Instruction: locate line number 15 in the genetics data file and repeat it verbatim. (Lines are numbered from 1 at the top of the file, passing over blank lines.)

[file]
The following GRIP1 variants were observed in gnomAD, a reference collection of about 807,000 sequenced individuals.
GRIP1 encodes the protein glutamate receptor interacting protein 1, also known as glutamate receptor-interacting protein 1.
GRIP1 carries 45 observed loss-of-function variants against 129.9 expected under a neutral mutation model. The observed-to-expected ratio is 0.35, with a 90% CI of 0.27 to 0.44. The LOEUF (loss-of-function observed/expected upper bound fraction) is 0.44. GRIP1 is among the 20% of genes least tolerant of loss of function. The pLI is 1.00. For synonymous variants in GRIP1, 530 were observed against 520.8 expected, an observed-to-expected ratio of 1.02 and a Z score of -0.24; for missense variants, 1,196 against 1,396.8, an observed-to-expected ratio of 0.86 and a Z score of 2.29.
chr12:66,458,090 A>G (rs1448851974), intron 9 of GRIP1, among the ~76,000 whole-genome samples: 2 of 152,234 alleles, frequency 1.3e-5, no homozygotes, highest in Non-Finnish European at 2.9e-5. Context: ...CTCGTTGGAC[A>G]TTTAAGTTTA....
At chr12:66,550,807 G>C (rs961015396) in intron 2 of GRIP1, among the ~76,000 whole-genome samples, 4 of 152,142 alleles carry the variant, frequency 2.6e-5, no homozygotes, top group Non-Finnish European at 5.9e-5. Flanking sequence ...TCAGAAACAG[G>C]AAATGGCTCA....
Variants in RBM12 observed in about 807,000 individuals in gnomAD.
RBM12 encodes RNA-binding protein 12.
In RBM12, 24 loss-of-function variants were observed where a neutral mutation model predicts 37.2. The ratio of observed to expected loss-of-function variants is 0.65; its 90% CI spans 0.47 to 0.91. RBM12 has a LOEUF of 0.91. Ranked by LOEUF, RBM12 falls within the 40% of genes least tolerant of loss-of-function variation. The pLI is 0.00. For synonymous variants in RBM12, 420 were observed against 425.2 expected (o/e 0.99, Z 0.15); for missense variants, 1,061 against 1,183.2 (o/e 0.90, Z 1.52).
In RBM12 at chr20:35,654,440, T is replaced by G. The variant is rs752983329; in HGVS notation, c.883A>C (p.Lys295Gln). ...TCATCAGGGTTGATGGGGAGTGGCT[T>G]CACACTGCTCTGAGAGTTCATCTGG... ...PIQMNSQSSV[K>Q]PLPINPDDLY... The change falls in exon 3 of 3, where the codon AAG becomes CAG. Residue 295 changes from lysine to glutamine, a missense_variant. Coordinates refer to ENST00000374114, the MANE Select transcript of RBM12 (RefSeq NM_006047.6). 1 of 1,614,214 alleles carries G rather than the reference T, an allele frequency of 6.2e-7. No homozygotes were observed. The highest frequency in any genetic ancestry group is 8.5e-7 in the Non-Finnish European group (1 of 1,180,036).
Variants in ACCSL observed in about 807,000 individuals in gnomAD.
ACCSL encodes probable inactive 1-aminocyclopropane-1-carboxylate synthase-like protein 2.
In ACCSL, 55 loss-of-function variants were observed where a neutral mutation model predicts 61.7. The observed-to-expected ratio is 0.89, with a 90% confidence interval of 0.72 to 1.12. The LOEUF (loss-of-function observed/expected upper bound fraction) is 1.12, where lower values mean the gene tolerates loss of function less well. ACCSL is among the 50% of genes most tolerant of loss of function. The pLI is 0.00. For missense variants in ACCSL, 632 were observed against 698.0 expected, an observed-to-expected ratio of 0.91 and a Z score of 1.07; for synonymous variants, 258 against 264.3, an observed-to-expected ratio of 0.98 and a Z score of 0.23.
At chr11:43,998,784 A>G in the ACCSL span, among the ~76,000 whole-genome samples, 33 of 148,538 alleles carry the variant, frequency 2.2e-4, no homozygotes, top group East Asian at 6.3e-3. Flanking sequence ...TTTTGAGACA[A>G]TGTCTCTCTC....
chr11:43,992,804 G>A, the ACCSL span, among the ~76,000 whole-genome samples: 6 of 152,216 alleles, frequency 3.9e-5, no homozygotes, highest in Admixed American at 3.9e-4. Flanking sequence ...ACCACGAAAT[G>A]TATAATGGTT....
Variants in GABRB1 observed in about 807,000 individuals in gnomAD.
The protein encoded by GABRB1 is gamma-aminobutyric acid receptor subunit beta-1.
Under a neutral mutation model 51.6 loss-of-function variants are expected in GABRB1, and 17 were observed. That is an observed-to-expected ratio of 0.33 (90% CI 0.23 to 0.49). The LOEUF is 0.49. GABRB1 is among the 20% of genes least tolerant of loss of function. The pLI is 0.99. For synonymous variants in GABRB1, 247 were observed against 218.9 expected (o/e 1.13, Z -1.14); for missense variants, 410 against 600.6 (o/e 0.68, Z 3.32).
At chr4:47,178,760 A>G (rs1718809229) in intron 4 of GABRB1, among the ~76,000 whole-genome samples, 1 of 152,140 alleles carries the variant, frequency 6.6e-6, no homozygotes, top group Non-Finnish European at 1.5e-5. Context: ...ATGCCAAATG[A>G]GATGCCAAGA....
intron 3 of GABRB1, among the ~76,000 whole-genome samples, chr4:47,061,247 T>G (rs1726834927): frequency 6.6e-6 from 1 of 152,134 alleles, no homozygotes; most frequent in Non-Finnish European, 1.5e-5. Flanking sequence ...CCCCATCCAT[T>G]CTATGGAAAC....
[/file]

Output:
Variants in GABRB1 observed in about 807,000 individuals in gnomAD.